Posted by: David Harley | March 21, 2017

More Warnings to Mac Users

You go for years thinking that hardly anyone is interested in reminding Mac users that they can be caught out by malware too, and then you get three articles at once beating the same drum, or at any rate to much the same rhythm. Yesterday, as I remarked in an earlier blog, there was a very nice article by Thomas Reed for Malwarebytes:  Mac Security Facts and Fallacies.

And today, along come a couple more. One is from the Cylance Threat Guidance Team (Threat Spotlight: Mac Malware): since it mentions me, I should say that while I’m fundamentally in agreement with the article, I have to clarify that though I was drafted into the WildList Organization to implement a Mac WildList, it didn’t (for various reasons) get beyond the planning stage. Anyway, the article seems to throw a little more light on the threat ESET calls OSX/Filecoder.E, as discussed in a blog by Marc-Etienne M.Léveillé from 22nd February  –  New crypto-ransomware hits macOS. There are some other links to information about OSX/Filecoder.E on this site: OSX/Filecoder.E Ransomware Recovery.

The other is by Bill Brenner for Sophos: Your Mac is not malware-proof: a look at the threats and defenses. Sophos believes that there is other macOS-targeting malware incoming, including ransomware.  Sophos researchers Xinran Wu is quoted as saying that ‘MacOS tends to be more a victim of nuisance programs known as potentially unwanted applications (PUA) – adware, for example.’ (Thomas Reed made much the same point in his article for Malwarebytes.) And I agree with him that apart from PUAs, the unequivocal malware that we’ve seen for OS X/macOS has tended to be targeted. However, the way it’s expressed in that article seems to imply that malware is either targeted or drive-by. And, of course, drive-by downloads are a considerable problem, but they’re not the only problem – there’s plenty of other malware (I’m talking malware in general, not Mac-specific stuff) that uses other vectors and doesn’t rely on vulnerabilities in applications. Still, there are plenty of useful links in the article.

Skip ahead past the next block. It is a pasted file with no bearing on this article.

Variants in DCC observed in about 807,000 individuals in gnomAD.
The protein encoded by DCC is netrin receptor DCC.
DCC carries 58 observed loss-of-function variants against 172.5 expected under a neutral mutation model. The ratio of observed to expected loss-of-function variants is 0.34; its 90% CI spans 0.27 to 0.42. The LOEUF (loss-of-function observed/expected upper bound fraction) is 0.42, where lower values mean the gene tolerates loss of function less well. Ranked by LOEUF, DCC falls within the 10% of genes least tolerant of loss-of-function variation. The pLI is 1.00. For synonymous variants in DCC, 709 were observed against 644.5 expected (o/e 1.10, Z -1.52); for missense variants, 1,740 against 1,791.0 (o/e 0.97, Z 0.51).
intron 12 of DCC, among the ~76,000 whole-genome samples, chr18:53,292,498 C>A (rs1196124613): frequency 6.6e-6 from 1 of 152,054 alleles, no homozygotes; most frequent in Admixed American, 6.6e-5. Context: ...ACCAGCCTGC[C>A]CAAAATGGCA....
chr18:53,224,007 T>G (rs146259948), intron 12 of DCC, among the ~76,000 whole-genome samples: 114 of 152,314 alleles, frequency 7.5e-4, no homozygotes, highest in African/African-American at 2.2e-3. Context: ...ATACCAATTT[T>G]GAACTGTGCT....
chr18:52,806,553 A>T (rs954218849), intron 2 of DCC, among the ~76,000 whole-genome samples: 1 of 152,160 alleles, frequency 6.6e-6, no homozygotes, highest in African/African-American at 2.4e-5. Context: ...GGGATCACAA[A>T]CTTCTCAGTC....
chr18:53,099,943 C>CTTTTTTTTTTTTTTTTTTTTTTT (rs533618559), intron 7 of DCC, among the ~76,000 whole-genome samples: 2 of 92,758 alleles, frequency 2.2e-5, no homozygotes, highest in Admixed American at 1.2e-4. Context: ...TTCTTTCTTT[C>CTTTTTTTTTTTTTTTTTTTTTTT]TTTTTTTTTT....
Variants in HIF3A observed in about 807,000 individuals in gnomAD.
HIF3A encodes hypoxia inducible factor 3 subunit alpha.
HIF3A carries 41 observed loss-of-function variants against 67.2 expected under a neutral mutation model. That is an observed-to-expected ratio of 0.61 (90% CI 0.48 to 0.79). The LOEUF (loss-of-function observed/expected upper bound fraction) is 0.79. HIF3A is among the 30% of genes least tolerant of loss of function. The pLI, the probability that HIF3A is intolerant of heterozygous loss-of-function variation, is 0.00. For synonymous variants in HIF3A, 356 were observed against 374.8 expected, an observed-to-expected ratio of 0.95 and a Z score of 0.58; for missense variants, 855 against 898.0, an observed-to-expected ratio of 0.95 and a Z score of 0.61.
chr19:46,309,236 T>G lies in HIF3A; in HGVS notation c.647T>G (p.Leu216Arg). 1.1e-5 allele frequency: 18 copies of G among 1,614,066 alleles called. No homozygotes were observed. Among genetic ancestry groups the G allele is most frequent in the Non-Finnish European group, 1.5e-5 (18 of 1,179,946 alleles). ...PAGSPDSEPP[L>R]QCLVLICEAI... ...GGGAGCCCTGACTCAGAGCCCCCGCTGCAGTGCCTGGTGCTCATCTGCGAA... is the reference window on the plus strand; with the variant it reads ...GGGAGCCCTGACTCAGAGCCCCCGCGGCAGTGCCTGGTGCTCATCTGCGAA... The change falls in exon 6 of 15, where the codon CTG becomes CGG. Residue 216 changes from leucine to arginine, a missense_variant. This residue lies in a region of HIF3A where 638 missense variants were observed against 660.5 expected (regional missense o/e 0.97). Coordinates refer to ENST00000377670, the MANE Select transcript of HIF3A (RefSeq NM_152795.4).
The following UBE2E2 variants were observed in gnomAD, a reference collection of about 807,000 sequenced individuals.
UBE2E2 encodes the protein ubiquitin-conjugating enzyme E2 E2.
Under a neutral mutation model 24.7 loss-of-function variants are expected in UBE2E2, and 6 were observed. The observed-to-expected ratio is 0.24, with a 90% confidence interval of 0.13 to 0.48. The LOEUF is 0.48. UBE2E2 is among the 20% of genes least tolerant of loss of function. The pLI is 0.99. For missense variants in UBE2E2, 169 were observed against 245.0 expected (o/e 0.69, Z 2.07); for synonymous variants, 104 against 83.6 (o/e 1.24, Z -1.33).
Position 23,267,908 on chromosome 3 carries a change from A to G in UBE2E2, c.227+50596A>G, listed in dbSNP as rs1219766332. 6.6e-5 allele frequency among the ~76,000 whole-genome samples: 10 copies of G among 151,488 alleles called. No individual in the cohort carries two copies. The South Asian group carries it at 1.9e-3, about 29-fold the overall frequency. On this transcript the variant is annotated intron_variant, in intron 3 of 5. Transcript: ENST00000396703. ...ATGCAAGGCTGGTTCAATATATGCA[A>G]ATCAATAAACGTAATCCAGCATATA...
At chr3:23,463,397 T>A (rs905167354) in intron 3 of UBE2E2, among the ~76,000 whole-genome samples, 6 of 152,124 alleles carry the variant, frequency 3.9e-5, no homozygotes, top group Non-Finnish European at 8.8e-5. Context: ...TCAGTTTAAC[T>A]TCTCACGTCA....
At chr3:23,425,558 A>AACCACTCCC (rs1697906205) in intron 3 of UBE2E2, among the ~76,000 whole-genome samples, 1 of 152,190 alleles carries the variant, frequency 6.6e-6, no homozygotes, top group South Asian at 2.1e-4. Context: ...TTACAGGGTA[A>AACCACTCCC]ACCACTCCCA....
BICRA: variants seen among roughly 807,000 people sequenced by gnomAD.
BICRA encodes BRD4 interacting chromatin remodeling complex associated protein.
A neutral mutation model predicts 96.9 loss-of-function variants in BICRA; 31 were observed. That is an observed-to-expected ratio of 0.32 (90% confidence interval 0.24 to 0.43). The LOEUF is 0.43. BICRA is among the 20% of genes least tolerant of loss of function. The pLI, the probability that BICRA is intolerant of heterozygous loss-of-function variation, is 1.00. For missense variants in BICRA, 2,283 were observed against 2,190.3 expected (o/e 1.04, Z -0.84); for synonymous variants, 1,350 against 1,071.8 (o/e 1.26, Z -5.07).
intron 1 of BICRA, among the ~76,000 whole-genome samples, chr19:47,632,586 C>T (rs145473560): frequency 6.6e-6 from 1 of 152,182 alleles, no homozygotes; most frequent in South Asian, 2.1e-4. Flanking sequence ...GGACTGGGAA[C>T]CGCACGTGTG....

David Harley

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